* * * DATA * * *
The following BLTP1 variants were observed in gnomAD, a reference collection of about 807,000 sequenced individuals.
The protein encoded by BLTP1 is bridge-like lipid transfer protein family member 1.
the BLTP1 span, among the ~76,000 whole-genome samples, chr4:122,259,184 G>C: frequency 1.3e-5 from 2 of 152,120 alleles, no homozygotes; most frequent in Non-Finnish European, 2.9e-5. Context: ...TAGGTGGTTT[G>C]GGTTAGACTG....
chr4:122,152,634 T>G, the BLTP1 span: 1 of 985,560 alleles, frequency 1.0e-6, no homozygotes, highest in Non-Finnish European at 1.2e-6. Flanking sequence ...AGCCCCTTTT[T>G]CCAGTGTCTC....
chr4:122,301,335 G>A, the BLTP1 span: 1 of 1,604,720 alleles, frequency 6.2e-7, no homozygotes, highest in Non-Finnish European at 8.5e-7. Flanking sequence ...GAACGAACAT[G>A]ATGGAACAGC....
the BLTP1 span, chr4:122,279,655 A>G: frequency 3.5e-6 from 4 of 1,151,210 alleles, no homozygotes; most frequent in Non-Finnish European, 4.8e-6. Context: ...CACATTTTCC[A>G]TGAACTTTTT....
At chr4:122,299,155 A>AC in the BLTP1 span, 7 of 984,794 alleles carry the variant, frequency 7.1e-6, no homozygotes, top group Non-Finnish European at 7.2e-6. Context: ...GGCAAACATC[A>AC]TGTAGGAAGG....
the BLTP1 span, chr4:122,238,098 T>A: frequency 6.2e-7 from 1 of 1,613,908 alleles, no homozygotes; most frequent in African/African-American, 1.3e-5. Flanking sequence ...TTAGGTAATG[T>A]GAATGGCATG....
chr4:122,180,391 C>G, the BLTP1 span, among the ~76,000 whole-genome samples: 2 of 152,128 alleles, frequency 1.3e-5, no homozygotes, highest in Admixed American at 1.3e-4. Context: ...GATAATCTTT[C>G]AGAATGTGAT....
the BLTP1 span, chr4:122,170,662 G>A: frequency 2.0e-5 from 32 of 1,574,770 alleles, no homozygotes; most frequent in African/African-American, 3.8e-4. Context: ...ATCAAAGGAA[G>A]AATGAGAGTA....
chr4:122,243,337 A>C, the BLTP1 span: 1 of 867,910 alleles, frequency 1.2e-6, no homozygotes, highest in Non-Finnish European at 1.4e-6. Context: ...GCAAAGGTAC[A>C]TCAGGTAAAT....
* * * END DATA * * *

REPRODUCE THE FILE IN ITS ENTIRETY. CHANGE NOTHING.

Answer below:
The following BLTP1 variants were observed in gnomAD, a reference collection of about 807,000 sequenced individuals.
The protein encoded by BLTP1 is bridge-like lipid transfer protein family member 1.
the BLTP1 span, among the ~76,000 whole-genome samples, chr4:122,259,184 G>C: frequency 1.3e-5 from 2 of 152,120 alleles, no homozygotes; most frequent in Non-Finnish European, 2.9e-5. Context: ...TAGGTGGTTT[G>C]GGTTAGACTG....
chr4:122,152,634 T>G, the BLTP1 span: 1 of 985,560 alleles, frequency 1.0e-6, no homozygotes, highest in Non-Finnish European at 1.2e-6. Flanking sequence ...AGCCCCTTTT[T>G]CCAGTGTCTC....
chr4:122,301,335 G>A, the BLTP1 span: 1 of 1,604,720 alleles, frequency 6.2e-7, no homozygotes, highest in Non-Finnish European at 8.5e-7. Flanking sequence ...GAACGAACAT[G>A]ATGGAACAGC....
the BLTP1 span, chr4:122,279,655 A>G: frequency 3.5e-6 from 4 of 1,151,210 alleles, no homozygotes; most frequent in Non-Finnish European, 4.8e-6. Context: ...CACATTTTCC[A>G]TGAACTTTTT....
At chr4:122,299,155 A>AC in the BLTP1 span, 7 of 984,794 alleles carry the variant, frequency 7.1e-6, no homozygotes, top group Non-Finnish European at 7.2e-6. Context: ...GGCAAACATC[A>AC]TGTAGGAAGG....
the BLTP1 span, chr4:122,238,098 T>A: frequency 6.2e-7 from 1 of 1,613,908 alleles, no homozygotes; most frequent in African/African-American, 1.3e-5. Flanking sequence ...TTAGGTAATG[T>A]GAATGGCATG....
chr4:122,180,391 C>G, the BLTP1 span, among the ~76,000 whole-genome samples: 2 of 152,128 alleles, frequency 1.3e-5, no homozygotes, highest in Admixed American at 1.3e-4. Context: ...GATAATCTTT[C>G]AGAATGTGAT....
the BLTP1 span, chr4:122,170,662 G>A: frequency 2.0e-5 from 32 of 1,574,770 alleles, no homozygotes; most frequent in African/African-American, 3.8e-4. Context: ...ATCAAAGGAA[G>A]AATGAGAGTA....
chr4:122,243,337 A>C, the BLTP1 span: 1 of 867,910 alleles, frequency 1.2e-6, no homozygotes, highest in Non-Finnish European at 1.4e-6. Context: ...GCAAAGGTAC[A>C]TCAGGTAAAT....